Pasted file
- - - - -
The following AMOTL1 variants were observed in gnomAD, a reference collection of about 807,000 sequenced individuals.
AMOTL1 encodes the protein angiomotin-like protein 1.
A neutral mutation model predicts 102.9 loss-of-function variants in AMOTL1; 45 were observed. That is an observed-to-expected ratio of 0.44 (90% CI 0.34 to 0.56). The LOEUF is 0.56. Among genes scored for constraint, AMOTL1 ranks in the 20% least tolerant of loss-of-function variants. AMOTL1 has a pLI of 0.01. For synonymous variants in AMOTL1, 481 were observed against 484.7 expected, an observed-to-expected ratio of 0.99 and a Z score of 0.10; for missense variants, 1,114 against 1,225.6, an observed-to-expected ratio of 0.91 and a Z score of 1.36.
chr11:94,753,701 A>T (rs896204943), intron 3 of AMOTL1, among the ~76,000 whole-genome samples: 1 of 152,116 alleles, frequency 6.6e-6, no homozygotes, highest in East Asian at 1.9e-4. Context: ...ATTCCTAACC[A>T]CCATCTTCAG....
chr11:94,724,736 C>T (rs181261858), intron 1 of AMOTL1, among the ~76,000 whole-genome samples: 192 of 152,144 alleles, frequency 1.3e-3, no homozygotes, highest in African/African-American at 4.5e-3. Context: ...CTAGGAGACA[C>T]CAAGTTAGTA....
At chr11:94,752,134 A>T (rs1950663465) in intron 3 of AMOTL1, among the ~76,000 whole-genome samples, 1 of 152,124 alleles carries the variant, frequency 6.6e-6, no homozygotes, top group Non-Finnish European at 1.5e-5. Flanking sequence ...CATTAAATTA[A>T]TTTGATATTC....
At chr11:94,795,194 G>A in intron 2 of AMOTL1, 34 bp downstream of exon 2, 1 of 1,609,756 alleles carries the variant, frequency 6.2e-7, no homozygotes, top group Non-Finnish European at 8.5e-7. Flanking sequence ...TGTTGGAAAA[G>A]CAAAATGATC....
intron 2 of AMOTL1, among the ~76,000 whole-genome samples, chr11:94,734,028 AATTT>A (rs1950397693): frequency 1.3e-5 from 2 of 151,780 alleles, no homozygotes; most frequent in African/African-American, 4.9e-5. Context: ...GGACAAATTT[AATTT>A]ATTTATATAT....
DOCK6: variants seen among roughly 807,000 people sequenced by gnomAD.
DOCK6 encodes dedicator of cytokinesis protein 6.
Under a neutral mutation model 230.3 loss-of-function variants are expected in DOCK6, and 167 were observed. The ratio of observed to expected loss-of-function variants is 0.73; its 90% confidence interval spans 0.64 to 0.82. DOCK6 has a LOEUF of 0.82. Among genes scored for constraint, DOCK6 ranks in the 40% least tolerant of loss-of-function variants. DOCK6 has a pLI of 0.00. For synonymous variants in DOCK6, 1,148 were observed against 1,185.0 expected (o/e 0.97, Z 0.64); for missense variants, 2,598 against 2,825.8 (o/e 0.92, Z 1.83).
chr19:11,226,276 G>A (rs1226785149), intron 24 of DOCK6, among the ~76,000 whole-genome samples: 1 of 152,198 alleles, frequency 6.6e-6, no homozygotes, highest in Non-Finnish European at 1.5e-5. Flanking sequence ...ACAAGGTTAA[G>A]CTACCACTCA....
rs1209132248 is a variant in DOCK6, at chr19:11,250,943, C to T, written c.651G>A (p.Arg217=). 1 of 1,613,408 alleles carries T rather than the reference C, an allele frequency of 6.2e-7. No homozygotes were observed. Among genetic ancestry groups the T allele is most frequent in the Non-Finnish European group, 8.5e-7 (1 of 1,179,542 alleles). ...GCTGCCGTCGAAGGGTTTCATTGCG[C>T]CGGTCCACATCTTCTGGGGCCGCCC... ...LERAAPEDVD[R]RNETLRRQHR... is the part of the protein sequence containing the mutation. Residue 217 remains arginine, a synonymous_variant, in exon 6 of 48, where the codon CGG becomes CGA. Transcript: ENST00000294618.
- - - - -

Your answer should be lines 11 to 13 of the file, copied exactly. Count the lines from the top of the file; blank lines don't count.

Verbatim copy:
Under a neutral mutation model 230.3 loss-of-function variants are expected in DOCK6, and 167 were observed. The ratio of observed to expected loss-of-function variants is 0.73; its 90% confidence interval spans 0.64 to 0.82. DOCK6 has a LOEUF of 0.82. Among genes scored for constraint, DOCK6 ranks in the 40% least tolerant of loss-of-function variants. DOCK6 has a pLI of 0.00. For synonymous variants in DOCK6, 1,148 were observed against 1,185.0 expected (o/e 0.97, Z 0.64); for missense variants, 2,598 against 2,825.8 (o/e 0.92, Z 1.83).
chr19:11,226,276 G>A (rs1226785149), intron 24 of DOCK6, among the ~76,000 whole-genome samples: 1 of 152,198 alleles, frequency 6.6e-6, no homozygotes, highest in Non-Finnish European at 1.5e-5. Flanking sequence ...ACAAGGTTAA[G>A]CTACCACTCA....
rs1209132248 is a variant in DOCK6, at chr19:11,250,943, C to T, written c.651G>A (p.Arg217=). 1 of 1,613,408 alleles carries T rather than the reference C, an allele frequency of 6.2e-7. No homozygotes were observed. Among genetic ancestry groups the T allele is most frequent in the Non-Finnish European group, 8.5e-7 (1 of 1,179,542 alleles). ...GCTGCCGTCGAAGGGTTTCATTGCG[C>T]CGGTCCACATCTTCTGGGGCCGCCC... ...LERAAPEDVD[R]RNETLRRQHR... is the part of the protein sequence containing the mutation. Residue 217 remains arginine, a synonymous_variant, in exon 6 of 48, where the codon CGG becomes CGA. Transcript: ENST00000294618.